Smoking is, quite simply, hard on the heart. One of the major risk factors for coronary artery disease, also called CAD, smoking attacks both the heart and blood leading to increased risks of heart disease. According to the National Heart Lung and Blood Institute, smoking impacts your heart health in several ways:
• Lowers levels of “good” or high-density lipoprotein levels
• Raises levels of “bad” or low-density lipoprotein levels
• Raises blood pressure causing heart to work harder
• Thickens blood which restricts the ability to deliver oxygen
• Damages blood vessels leaving them “stiff and less elastic”
• Contributes to atherosclerosis by causing plaques to form due to inflammation
Compared to their non-smoking counterparts, smokers are two to three times more likely to develop heart disease, have double the risk of suffering a heart attack, and are more likely to die from some form of heart disease, including heart attack or heart failure. (NHLBI 2.)
The impact of smoking, as well as second hand smoke, becomes even more damaging and dangerous for women who are pregnant and their unborn child. Smoking has been linked to various pregnancy related conditions such as placental abruption, ectopic pregnancy, vaginal bleeding, placenta previa, and stillbirths. When a pregnant mother is exposed to smoke, it’s more common for the baby to be born prematurely or to have a low birth weight. Smoke exposure in babies has also been linked to birth defects. Secondhand smoke is also linked to sudden infant death syndrome, ear infections, and lung conditions such as asthma or bronchitis. (MoD 1.)
While the link between smoking and babies with low birth weight, SIDS, and lung conditions is well established and generally accepted, what has not been known until now is whether or not exposure to smoke, either during pregnancy or second hand smoke after birth, has the same impact to heart health in infants and children as it does in adults. Australian researchers, led by David Celermajer, Scandrett Professor of Cardiology at the University of Sydney, believe that smoking during pregnancy increases a child’s risk of developing cardiovascular disease later in life.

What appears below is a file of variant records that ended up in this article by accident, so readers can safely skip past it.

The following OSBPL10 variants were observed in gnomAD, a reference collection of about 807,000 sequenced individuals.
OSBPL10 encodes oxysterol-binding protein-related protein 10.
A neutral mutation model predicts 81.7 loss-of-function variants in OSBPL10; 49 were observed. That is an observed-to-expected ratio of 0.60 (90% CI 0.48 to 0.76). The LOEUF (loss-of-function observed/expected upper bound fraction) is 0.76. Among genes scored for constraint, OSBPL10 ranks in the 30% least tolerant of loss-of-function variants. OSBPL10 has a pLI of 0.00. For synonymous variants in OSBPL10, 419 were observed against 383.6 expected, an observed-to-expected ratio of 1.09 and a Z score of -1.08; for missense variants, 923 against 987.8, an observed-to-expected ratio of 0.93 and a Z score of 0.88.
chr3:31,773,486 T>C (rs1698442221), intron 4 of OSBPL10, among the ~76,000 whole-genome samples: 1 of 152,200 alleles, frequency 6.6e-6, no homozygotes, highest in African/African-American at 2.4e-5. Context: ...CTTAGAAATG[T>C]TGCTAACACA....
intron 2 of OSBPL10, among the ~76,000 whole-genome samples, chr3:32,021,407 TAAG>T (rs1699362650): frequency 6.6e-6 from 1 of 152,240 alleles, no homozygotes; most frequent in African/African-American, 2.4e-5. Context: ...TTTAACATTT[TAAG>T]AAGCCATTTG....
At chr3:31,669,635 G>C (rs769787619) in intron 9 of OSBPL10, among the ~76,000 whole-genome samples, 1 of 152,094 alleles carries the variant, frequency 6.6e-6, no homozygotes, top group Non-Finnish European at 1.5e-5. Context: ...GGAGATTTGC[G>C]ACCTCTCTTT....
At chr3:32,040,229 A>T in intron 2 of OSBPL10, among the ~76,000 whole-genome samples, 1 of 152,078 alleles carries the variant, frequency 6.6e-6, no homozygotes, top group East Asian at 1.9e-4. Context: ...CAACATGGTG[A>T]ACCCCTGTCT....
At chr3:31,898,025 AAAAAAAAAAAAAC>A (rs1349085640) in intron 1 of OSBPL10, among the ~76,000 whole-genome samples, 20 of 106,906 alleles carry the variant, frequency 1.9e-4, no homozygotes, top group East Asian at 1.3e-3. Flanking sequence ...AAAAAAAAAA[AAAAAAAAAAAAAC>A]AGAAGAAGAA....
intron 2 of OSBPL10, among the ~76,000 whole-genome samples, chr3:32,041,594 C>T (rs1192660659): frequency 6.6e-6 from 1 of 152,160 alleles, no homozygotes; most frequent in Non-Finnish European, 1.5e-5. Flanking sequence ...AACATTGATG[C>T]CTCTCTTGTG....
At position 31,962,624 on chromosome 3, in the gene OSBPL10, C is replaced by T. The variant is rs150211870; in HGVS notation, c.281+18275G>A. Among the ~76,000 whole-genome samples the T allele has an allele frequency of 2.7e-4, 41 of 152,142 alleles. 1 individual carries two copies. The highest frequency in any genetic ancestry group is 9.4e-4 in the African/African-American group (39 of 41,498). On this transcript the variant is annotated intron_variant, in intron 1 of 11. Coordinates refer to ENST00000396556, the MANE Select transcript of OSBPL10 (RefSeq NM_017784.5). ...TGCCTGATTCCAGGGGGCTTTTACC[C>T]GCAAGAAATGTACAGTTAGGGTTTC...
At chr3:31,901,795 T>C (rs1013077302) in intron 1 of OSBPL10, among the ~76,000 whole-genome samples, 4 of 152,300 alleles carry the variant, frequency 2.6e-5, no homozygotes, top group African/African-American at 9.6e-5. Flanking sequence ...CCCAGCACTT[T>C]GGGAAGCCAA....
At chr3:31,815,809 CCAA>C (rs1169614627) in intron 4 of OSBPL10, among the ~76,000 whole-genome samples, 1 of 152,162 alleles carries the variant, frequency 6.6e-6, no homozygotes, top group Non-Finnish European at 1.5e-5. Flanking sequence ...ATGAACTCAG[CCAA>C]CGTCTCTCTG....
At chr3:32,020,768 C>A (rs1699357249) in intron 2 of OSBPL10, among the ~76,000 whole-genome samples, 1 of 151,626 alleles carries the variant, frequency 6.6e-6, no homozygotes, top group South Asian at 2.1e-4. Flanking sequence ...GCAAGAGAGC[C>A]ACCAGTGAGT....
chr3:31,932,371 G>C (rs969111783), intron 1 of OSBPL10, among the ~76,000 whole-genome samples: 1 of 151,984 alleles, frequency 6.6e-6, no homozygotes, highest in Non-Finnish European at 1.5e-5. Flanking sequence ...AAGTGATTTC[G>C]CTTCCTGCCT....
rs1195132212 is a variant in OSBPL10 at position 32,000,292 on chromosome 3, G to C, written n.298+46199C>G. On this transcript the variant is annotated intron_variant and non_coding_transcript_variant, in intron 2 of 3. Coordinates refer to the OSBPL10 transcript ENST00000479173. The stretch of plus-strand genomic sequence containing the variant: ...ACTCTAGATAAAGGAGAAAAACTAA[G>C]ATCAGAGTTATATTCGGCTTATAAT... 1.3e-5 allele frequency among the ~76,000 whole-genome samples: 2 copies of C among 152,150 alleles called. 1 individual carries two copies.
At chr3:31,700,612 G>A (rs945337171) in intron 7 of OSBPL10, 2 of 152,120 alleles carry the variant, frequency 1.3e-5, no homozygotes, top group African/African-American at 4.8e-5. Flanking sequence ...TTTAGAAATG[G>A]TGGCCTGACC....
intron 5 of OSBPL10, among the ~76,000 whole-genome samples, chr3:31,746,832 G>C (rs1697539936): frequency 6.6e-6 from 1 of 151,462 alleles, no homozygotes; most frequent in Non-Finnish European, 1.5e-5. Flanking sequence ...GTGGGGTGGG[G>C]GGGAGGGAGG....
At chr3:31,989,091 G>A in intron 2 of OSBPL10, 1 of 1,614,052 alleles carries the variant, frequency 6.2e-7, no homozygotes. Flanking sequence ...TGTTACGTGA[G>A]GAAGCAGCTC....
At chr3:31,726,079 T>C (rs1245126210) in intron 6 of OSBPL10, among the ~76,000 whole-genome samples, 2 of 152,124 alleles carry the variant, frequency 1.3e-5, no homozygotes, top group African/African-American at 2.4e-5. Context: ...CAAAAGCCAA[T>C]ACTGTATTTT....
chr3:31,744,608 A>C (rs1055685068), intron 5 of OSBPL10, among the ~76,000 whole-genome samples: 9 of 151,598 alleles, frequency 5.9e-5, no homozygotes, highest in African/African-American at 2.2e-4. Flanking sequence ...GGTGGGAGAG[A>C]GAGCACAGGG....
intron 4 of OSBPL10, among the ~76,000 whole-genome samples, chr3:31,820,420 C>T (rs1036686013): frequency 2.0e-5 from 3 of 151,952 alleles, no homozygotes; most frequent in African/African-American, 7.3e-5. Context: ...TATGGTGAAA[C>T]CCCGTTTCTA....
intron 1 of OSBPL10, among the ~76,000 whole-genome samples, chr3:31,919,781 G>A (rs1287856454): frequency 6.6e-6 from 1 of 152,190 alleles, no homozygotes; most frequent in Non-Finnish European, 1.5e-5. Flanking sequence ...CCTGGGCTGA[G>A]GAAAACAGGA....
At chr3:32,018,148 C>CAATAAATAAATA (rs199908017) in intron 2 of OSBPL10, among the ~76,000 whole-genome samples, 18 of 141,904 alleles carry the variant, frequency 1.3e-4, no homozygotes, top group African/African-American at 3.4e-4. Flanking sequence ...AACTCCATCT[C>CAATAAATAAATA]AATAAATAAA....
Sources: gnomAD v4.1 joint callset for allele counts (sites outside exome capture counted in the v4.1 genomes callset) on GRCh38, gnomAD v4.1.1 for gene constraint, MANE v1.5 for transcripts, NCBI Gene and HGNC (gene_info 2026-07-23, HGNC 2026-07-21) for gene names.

As a part of the study, Celermajer and his team measured the lipoprotein levels and arterial wall thickness in a group of 405 children. All children were 8 years old at the time of testing, and born between 1997 and 1999. Each received an ultrasound to measure changes in the arterial wall but only 328 children consented to blood testing for lipoprotein levels. The participants were also part of a study since birth investigating asthma and allergies.
Researchers found that children whose mothers smoked during pregnancy had lower than normal levels of high-density lipoprotein, or good cholesterol, compared to children of non-smoking mothers. It’s generally accepted that low levels of HDL cholesterol increase the risk of heart disease. In addition, researchers believe that evidence indicatede the main culprit in lower HDL cholesterol levels was due to smoking during pregnancy and other factors such as second hand smoke. Celermajer estimated that the findings indicated that the low HDL levels equates to a 10-15 percent increased risk of heart disease later in life. Celermajer recommended at-risk children be monitored long term for risk factors for heart disease.
European Society of Cardiology (2011, June 21). Smoking during pregnancy lowers levels of 'good' HDL cholesterol in children. ScienceDaily. Retrieved June 22, 2011, from http://www.sciencedaily.com/releases/2011/06/110621182959.htm
What are the Risks of Smoking?, National Heart Lung and Blood Institute, http://www.nhlbi.nih.gov/health/dci/Diseases/smo/smo_risks.html
Alcohol and Drugs: Smoking during pregnancy, March of Dimes, April 2010, April 2010
Reviewed June 23, 2011
Edited by Alison Stanton